Tracking The Words

This came up recently on the Facebook page and the timing was pretty good as I’d been thinking of writing about this topic anyways.

Up until recently I didn’t track my daily word counts.  Didn’t really see the need.  I knew I needed to write everyday to get the kind of production I needed to hit the publishing schedule I wanted.  What I want to do is pretty expansive. Lots of series, lots of releases.

And to do that I needed to up my production levels.

I knew that but it still wasn’t coming.  I’d always say “let the words just come” and that is true but to meet my goals, I needed consistency.

So I went through everything I had written since publishing my first book The Skeleton Stone (May 2016) and tallied it up. Lots of writing, not that high a word total.

No wonder my production was so slow.

I saw people churning out books after books after books and I was struggling to keep up with an every-other-month novella series.  Something had to change.

I’m not a fast writer. I know that.  I’ll never have the production of a full novel every month. And that’s okay.  But I did need to consistently produce.

Working up a spreadsheet I figured out a daily word count minimum that I could hopefully sustain.  Most nights, I only get about an hour to actually write so had to factor that in.

My goal is 1,500 words a day (not an hour). Any project, or any number of projects, but I needed that minimum.  30 day month, that’s 45,000 words.  I figured if I hit 40,000 for the month, wanting to do more obviously, but I’d be satisfied.  At 40k a month, that’s 480,000 for the year.  Still not that high compared to others (there are people that do 1 mil halfway through the year) but at 40k minimum for a novel (according to Science Fiction And Fantasy Writers of America) that would translate to twelve short novels.  One a month.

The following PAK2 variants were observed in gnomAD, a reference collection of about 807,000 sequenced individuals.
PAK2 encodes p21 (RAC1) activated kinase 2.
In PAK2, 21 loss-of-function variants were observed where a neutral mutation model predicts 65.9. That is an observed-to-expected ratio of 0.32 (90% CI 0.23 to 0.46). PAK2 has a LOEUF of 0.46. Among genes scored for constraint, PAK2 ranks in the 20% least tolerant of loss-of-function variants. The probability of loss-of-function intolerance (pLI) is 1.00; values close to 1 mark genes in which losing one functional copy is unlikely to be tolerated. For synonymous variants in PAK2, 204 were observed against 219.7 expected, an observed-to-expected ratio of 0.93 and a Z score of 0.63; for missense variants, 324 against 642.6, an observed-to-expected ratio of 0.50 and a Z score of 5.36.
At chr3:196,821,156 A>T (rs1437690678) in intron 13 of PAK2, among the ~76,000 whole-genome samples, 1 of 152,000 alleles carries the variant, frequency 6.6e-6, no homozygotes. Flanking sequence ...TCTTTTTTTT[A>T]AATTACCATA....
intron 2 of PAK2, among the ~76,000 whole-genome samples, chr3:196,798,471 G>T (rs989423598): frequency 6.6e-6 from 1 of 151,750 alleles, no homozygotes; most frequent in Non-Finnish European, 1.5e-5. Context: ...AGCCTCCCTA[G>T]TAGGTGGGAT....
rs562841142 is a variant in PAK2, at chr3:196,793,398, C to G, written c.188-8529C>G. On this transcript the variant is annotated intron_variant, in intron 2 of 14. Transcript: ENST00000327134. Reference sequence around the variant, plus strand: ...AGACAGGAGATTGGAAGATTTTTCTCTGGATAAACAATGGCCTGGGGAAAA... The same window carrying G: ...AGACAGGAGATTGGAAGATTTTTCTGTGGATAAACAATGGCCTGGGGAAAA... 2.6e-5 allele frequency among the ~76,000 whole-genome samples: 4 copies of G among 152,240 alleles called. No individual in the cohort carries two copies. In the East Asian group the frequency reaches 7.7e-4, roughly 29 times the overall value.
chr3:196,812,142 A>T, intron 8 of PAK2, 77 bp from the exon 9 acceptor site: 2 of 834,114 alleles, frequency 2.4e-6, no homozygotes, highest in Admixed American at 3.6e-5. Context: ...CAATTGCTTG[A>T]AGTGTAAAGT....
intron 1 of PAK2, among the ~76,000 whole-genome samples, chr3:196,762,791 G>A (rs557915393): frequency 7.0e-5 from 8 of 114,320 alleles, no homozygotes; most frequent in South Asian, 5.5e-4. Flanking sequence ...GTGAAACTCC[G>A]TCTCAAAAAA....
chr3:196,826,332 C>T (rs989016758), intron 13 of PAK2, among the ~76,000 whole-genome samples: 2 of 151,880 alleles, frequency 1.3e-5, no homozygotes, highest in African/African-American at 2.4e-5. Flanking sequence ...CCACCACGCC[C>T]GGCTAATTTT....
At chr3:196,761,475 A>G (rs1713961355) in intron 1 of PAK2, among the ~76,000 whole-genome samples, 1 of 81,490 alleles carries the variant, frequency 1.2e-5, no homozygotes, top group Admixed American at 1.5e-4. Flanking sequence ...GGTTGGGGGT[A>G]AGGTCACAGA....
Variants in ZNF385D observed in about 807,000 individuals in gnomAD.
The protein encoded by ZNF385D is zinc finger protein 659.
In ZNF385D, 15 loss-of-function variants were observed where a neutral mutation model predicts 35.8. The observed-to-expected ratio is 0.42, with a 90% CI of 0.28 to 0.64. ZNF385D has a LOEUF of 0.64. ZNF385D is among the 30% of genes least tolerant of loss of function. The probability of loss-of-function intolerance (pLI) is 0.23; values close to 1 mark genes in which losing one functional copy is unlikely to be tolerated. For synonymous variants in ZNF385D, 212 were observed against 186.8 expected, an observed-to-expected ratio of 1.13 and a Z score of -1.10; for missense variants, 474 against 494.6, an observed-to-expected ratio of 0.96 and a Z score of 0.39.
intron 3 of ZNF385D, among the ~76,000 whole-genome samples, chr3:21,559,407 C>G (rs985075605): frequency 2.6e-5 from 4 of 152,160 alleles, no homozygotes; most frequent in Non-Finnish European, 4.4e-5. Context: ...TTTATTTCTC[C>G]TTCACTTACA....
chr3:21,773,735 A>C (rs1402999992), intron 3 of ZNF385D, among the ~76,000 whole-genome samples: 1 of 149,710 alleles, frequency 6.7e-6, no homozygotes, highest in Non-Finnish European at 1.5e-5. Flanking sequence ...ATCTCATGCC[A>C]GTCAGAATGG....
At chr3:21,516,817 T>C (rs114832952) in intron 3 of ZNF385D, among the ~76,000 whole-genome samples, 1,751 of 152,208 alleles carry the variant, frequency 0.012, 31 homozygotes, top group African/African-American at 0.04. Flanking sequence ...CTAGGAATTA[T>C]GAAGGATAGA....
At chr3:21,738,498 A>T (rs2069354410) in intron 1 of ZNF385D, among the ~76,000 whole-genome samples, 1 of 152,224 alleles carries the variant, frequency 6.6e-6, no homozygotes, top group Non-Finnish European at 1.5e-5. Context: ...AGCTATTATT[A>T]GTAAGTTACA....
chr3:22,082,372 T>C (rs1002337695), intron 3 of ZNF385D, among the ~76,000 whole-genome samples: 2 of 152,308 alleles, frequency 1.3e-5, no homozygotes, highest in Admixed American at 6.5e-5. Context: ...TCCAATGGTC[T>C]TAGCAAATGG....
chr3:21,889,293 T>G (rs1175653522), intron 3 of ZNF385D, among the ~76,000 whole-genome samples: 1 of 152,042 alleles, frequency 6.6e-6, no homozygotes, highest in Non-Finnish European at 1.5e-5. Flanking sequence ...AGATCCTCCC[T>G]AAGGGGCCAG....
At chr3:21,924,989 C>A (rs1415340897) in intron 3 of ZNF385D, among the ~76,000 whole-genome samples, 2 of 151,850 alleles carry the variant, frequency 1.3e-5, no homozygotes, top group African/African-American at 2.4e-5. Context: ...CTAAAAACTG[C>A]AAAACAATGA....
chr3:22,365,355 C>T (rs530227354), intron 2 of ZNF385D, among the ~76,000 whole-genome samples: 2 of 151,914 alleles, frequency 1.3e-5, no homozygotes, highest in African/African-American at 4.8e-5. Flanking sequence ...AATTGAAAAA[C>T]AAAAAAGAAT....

(for the record SFWA has word counts as: Short Story – up to 7,499; Novellette – 7,500 to 17,499; Novella – 17,500 to 39,999; Novel – 40,000 and up)

That’s a lot of work produced in a year.  I shoot for 30k words for a Novella and 60k+ for a novel.

Now knowing what I needed to produce, I had to start doing that.  Setting the goal, having a tangible record via the spreadsheet, forces me to write every night.  I switch projects when hit a wall on one, start new things.  But I’m writing around 1,500 words a day.

I play “games” with myself.  Some nights end up writing less if something else is going on (kids not sleeping for example) so I make it up another night and can see I planned in for non-production days (the 45,000 a month vs 40,000).  Since I started tracking on 10/18/18, I have generated 33,982 words.

Not bad for only 15 days or so.  Half a month and I’m already pretty close to my ultimate goal.

That’s all the evidence I needed that tracking your word counts works.  If you aren’t, I would suggest that you do so.

It seems a minor thing, tracking word count every day, but having that goal that need to hit does wonders for the motivation.

I’m thankful I started going it.

Now just need to make sure I can maintain that pace.

Why do I write? Why not?

Why do I write?

Honestly, I don’t have a good answer to that.

There is no specific moment I can recall that explains it. Like most people as a kid I played with toys, I read comic books, I read fantasy and sci-fi novels. And I had ideas. I didn’t really write, not then, but I created stories in my head.